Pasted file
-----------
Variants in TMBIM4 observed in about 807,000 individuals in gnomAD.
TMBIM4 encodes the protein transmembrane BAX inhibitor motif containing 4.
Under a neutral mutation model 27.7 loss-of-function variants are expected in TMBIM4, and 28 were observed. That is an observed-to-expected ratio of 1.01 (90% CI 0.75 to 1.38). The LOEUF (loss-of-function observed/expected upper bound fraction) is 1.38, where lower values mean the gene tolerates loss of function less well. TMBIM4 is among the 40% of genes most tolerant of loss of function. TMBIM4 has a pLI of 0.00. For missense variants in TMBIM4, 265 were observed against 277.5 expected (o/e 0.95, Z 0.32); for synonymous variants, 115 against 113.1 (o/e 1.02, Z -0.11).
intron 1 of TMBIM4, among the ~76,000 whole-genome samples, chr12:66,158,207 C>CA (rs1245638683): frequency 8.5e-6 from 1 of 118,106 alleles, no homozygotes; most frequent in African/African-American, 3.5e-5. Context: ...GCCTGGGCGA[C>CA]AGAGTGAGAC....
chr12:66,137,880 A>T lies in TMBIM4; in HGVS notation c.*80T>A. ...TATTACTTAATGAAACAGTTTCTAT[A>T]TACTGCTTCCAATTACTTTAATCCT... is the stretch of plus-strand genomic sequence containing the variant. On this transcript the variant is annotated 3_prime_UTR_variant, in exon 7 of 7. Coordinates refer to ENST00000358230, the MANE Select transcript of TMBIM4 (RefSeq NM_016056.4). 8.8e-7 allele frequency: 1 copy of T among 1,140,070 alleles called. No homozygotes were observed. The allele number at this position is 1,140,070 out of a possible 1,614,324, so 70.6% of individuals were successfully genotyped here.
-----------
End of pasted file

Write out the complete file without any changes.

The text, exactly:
Variants in TMBIM4 observed in about 807,000 individuals in gnomAD.
TMBIM4 encodes the protein transmembrane BAX inhibitor motif containing 4.
Under a neutral mutation model 27.7 loss-of-function variants are expected in TMBIM4, and 28 were observed. That is an observed-to-expected ratio of 1.01 (90% CI 0.75 to 1.38). The LOEUF (loss-of-function observed/expected upper bound fraction) is 1.38, where lower values mean the gene tolerates loss of function less well. TMBIM4 is among the 40% of genes most tolerant of loss of function. TMBIM4 has a pLI of 0.00. For missense variants in TMBIM4, 265 were observed against 277.5 expected (o/e 0.95, Z 0.32); for synonymous variants, 115 against 113.1 (o/e 1.02, Z -0.11).
intron 1 of TMBIM4, among the ~76,000 whole-genome samples, chr12:66,158,207 C>CA (rs1245638683): frequency 8.5e-6 from 1 of 118,106 alleles, no homozygotes; most frequent in African/African-American, 3.5e-5. Context: ...GCCTGGGCGA[C>CA]AGAGTGAGAC....
chr12:66,137,880 A>T lies in TMBIM4; in HGVS notation c.*80T>A. ...TATTACTTAATGAAACAGTTTCTAT[A>T]TACTGCTTCCAATTACTTTAATCCT... is the stretch of plus-strand genomic sequence containing the variant. On this transcript the variant is annotated 3_prime_UTR_variant, in exon 7 of 7. Coordinates refer to ENST00000358230, the MANE Select transcript of TMBIM4 (RefSeq NM_016056.4). 8.8e-7 allele frequency: 1 copy of T among 1,140,070 alleles called. No homozygotes were observed. The allele number at this position is 1,140,070 out of a possible 1,614,324, so 70.6% of individuals were successfully genotyped here.